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Mindfulness-based cognitive therapy

Prof Chris Goto-Jones discusses in this video that other than MBSR, MBCT is one of the most widely used mindfulness interventions.
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So other than MBSR, which we considered in the last session, MBCT or mindfulness-based cognitive therapy is probably the most widely recognized and practiced mindfulness intervention. Pioneered in the work of Segal, Williams and Teasdale and now closely associated with the mindfulness research centers in Oxford, Bangor, and Exeter Universities in the UK, MBCT was developed primarily as a treatment protocol to prevent relapse into depression. And it’s been shown to be about twice as effective as medication. Indeed, the evidence base for the effectiveness of MBCT is now so compelling that it’s widely recognized and codified as a treatment by various national health services, medical insurance providers, and clinical watchdogs around the world.
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In this session today, we’re going to look at what MBCT is, how it’s used, and whether there are aspects of it that we should be concerned about. Like MBSR from which it draws many major elements, MBCT is also structured around an eight week program, which includes a number of formal meditation practices, the body scan, sitting and walking meditations, mindful movement exercises like stretching or yoga or Qigong. Like MBSR, MBCT causes also make use of periods of inquiry, a form of socratic questioning designed to help participants to reflect on their experiences and to facilitate matter awareness and matter cognition regarding how they react and respond to the experiences they encounter during meditation practices.
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We’ll look at this idea of metacognitive standpoints in more detail in the next module. In order to facilitate the generalization of mindfulness skills into everyday life, MBCT also incorporates various informal practices, such as, mindful eating, mindfulness of pleasant and unpleasant experiences, and bringing mindful awareness to various routine activities in which we participate every day, so brushing our teeth, tying our shoelaces and so on. And you’ll be excited to know that we’ll experiment with many of these practices in the meditation labs on this course. With respect to this generalization practices, MBCT places great emphasis on the importance of recognizing our autopilot.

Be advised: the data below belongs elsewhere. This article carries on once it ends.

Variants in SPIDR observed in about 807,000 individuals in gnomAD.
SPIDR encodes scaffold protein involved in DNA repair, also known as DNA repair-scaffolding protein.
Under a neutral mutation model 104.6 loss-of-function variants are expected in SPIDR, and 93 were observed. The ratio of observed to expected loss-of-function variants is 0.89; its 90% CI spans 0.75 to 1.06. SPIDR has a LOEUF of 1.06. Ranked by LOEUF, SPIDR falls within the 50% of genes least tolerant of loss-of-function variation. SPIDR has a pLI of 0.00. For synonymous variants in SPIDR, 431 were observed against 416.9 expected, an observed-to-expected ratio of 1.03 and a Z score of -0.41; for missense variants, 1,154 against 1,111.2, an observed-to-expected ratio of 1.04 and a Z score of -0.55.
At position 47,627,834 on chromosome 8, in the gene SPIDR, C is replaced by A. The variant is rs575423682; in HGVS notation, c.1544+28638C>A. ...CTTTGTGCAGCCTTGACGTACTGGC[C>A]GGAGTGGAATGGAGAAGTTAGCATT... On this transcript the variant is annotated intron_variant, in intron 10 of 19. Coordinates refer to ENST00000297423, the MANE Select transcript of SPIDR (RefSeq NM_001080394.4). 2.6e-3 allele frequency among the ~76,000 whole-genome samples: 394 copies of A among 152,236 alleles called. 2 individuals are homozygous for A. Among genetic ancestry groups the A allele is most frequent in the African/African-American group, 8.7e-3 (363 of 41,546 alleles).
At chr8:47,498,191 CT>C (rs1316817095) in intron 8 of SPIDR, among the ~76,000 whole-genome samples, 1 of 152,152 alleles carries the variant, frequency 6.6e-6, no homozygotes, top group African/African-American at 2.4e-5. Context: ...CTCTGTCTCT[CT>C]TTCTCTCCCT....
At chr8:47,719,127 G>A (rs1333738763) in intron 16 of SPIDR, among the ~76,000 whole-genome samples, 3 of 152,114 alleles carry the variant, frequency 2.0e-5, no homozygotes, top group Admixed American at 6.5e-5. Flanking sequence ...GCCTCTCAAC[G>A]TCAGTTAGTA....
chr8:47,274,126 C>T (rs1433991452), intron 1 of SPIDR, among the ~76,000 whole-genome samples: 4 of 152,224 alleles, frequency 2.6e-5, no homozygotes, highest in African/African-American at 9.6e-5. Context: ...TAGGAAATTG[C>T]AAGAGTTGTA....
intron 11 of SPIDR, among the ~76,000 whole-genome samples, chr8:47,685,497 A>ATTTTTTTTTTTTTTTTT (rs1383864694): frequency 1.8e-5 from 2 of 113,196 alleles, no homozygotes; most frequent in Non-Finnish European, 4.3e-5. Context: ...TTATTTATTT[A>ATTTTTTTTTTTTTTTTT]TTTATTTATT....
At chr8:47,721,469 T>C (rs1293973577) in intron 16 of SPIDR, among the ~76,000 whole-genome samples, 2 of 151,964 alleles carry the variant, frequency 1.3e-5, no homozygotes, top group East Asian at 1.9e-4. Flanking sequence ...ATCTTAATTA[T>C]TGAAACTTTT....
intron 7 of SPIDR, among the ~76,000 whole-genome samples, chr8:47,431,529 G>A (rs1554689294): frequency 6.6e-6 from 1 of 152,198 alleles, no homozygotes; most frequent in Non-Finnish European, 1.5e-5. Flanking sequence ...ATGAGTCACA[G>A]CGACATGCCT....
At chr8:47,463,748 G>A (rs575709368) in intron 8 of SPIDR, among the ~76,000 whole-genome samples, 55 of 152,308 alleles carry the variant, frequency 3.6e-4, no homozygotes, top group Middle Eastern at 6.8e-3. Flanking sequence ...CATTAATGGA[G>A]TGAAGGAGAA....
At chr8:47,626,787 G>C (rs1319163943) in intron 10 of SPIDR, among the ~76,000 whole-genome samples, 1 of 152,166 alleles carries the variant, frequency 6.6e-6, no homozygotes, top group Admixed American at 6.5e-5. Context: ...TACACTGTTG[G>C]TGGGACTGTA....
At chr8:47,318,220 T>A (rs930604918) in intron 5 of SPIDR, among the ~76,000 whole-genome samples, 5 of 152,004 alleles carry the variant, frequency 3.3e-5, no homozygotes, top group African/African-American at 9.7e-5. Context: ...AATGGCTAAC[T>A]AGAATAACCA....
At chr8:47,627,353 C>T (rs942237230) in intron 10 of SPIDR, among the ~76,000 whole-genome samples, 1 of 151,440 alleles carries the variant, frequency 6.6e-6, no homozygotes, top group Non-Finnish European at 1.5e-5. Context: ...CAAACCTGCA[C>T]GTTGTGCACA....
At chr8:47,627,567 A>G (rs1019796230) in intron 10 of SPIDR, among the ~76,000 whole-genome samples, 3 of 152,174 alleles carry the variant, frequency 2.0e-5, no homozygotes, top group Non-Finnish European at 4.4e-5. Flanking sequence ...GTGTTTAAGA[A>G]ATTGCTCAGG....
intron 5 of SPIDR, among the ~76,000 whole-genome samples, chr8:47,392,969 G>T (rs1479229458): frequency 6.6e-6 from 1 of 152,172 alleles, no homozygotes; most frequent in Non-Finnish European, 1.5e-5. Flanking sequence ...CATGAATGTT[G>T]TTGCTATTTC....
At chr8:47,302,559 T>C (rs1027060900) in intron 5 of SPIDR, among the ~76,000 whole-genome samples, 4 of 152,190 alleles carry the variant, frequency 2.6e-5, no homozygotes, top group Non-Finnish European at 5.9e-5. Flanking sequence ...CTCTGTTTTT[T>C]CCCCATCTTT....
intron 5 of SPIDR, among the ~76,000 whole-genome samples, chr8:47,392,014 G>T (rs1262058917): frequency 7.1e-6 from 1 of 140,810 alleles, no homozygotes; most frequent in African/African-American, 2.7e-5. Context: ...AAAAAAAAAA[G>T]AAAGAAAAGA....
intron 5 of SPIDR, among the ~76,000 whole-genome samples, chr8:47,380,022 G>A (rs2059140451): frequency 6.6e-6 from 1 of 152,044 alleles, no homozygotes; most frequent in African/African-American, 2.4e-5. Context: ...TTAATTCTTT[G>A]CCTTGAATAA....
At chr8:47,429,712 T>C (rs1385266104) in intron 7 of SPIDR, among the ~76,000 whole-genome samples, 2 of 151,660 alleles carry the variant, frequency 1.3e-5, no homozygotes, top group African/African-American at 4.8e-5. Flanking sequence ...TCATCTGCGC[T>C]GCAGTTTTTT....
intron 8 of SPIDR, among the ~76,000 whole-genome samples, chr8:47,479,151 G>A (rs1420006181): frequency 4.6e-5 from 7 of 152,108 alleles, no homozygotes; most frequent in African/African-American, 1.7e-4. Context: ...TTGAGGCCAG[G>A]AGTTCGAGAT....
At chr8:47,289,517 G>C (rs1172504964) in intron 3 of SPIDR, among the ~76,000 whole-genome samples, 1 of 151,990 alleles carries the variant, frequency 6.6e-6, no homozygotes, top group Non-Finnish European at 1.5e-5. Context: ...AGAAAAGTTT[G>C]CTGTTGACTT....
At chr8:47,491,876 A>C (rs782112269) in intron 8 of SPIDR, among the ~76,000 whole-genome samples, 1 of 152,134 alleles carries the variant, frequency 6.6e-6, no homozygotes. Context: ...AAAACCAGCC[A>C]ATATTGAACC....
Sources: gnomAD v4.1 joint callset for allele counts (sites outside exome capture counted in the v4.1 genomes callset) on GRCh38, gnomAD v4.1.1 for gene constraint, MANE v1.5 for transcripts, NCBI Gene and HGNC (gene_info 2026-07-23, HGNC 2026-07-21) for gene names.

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The phrase autopilot is used to label those daily activities that we perform mindlessly, such activities could include things that we’ve gradually conditioned ourselves to do without thinking about them. Often for good reason, ranging from really rudimentary activities like walking through to more complex activities like driving a car. In some of these cases, turning off our autopilot could be disastrous. Learning to drive, for instance, is at least partially a process of programming our autopilot to be able to deal with pedals and gears and controls and steering precisely, so that we don’t have to think about them, and our attention is freed up to watch the road. As soon as we start thinking about them consciously, we have problems driving the car.
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However, MBCT also encourages us to become aware of the ways in which we switch into this kind of autopilot on a more ad hoc or reactive basis when were simply distracted by other things or when we are subconsciously seeking to avoid engaging with something. Here we’re not primarily interested in actions of sublimated skill like driving or tying your shoelaces, but we’re trying to identify moments when our minds are not on where we are or what we’re doing, they’re somewhere else instead. The basic insight here is that we spend a surprising amount of our time, everyday, relatively unaware of where we are or what’s going on around us and what we’re really doing.
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And really importantly, we’re usually completely unaware that we’re unaware of these things. That is, the focus of our awareness is often not the result of our conscious choice. It is not a reflection of what we really want or where we might want to put our attention. It’s just our autopilot kicking in and living our lives for us, while we’re distracted or averted. It’s literally as though we’re not where we are, as though we’ve been replaced in our daily life by an automaton that just happens to look like us.